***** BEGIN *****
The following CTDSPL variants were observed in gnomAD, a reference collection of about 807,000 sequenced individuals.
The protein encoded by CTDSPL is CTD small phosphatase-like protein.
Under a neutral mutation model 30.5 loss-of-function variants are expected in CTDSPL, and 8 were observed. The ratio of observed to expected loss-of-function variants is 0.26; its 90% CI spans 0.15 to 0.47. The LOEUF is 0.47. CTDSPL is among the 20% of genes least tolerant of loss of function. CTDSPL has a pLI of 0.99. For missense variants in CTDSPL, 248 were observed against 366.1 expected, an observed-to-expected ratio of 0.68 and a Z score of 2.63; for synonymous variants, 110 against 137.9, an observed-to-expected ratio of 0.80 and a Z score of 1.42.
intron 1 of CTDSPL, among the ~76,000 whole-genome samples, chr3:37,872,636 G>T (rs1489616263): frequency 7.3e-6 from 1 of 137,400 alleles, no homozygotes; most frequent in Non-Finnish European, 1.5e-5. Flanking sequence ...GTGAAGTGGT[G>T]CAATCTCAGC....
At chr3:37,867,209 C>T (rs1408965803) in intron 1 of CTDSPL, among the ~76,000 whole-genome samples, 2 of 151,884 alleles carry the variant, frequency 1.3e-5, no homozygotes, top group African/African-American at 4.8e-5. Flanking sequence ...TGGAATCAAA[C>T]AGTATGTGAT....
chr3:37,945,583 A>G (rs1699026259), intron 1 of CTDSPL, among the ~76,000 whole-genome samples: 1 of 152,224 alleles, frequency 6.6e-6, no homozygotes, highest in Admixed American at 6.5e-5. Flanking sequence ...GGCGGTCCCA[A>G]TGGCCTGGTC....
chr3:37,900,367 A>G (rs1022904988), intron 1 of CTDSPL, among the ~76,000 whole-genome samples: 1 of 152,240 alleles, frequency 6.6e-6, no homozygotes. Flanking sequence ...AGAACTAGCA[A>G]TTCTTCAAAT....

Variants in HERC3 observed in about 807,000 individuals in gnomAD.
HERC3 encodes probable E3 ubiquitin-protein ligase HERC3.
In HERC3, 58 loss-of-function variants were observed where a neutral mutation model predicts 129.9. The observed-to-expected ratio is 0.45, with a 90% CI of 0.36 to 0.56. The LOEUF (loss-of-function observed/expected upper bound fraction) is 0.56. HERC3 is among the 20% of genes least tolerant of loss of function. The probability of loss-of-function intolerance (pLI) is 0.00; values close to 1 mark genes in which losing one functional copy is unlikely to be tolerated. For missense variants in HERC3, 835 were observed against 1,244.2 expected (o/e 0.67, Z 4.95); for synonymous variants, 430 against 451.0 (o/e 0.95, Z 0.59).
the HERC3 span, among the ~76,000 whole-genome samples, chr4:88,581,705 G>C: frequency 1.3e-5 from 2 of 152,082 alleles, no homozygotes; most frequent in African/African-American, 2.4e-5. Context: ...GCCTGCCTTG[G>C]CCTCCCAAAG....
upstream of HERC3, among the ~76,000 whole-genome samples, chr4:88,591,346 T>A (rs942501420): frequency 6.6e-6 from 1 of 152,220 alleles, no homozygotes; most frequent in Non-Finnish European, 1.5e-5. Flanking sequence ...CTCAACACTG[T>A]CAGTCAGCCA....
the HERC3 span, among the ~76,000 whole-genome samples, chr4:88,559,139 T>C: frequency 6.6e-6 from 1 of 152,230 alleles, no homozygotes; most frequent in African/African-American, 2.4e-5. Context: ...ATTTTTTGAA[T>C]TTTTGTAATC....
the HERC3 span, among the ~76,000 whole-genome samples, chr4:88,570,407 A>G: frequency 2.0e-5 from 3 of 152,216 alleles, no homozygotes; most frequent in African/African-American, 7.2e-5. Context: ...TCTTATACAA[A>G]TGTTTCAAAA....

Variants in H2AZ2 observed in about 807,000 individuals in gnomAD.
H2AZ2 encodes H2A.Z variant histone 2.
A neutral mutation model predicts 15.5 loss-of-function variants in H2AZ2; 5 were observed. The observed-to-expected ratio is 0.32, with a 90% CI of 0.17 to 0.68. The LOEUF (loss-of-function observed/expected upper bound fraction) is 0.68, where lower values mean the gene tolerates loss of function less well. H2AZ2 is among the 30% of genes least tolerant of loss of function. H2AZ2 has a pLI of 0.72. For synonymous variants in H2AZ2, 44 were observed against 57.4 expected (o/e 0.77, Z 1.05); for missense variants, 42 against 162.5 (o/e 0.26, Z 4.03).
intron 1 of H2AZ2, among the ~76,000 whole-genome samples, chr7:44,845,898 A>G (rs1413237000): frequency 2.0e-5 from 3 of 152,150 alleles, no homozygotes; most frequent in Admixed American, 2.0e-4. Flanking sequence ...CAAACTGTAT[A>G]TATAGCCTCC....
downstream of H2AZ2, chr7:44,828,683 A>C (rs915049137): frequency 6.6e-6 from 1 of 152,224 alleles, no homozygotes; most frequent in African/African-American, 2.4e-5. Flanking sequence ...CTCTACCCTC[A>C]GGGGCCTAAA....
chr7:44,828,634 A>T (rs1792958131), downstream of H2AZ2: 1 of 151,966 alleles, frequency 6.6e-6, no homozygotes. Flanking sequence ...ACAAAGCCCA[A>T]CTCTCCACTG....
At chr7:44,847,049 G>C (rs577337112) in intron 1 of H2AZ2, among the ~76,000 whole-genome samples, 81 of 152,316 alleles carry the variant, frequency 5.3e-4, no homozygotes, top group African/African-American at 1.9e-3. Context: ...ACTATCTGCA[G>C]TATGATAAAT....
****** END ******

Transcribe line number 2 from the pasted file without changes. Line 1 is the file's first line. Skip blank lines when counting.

The protein encoded by CTDSPL is CTD small phosphatase-like protein.